Each week on In Focus, we’ll share topics that will help you, the patient, live happier and better. It might be one article, or two, or five. It might be a video or a word of motivation. We hope you enjoy this new feature of our website.
To keep up the pace, I put myself through a series of self-imposed tortures that included overcaffeinating and taking catnaps in place of real sleep. I was 26 and felt invincible. I figured I could handle the pressure, so I ignored repeated headaches, blurred vision and general exhaustion.
Early one summer morning in 2001, I arrived at the office and felt a slight buzzing in my right eye and some tingly numbness in my hands, which I dismissed as mere morning grogginess. A little later, I stood up to make a presentation at a team meeting. A colleague later told me she saw my mouth droop as my words started slurring.
The next thing I knew, someone was saying: “You’ve had a stroke. We have to run a scan to figure out what’s going on. Do you understand?”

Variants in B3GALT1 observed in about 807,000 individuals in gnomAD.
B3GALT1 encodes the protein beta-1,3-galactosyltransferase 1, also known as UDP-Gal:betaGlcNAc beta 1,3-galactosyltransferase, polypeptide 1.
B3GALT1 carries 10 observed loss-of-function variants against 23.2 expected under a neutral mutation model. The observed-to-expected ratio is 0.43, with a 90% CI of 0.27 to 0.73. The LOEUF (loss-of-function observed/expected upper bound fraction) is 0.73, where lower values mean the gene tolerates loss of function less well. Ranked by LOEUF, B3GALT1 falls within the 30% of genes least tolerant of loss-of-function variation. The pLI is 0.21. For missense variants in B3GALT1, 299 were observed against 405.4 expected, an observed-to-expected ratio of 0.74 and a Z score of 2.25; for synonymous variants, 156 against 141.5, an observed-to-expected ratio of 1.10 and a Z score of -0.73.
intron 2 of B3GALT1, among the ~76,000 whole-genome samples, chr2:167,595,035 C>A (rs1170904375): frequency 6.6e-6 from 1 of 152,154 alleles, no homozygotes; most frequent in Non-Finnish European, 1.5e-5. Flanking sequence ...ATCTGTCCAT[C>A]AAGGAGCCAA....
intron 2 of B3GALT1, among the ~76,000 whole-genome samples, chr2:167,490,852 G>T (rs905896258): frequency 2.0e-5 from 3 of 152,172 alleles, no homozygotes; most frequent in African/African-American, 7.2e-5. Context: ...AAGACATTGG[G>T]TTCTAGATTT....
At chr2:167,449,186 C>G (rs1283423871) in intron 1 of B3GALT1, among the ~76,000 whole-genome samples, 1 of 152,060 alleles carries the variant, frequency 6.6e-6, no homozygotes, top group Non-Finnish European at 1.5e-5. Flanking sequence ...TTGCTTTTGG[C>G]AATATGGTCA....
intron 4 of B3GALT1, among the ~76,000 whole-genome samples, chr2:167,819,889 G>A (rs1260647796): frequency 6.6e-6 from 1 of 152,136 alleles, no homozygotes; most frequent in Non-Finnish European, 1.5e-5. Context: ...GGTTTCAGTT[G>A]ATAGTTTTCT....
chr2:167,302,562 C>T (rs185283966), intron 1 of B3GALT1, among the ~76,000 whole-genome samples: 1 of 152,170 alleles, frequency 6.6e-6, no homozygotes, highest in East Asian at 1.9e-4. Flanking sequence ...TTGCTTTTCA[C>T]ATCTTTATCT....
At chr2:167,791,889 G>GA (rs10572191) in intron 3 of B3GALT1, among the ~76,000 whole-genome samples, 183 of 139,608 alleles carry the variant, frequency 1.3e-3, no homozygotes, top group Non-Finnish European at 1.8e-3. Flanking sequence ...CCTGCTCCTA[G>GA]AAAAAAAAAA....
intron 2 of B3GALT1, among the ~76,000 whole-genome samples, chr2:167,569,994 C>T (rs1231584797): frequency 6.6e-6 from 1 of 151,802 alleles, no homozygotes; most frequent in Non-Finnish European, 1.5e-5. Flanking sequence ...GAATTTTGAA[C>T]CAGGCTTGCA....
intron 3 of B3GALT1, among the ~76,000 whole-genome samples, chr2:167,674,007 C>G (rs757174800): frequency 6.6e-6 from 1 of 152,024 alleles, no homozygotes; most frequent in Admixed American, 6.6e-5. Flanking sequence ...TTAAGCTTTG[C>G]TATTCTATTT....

70 million Americans are sleep deprived. But sleep isn’t a luxury, it’s a necessity.
But being sleep-deprived shouldn’t be a badge of honor. The truth is those hours of lost sleep add up to a bigger health deficit than you may realize, says Nancy Foldvary-Schaefer, DO, MS, Director of Cleveland Clinic Sleep Disorders Center.
“We need sleep so we can restore nutrients, replenish the spirit and refresh the mind,” Dr. Foldvary-Schaefer stresses. “Hidden health hazards accumulate during periods of sleeplessness, and they can’t be covered up with concealer or reversed with caffeine.”
“If you have a positive attitude and constantly strive to give your best effort, eventually you will overcome your immediate problems and find you are ready for greater challenges.” ~ Pat Riley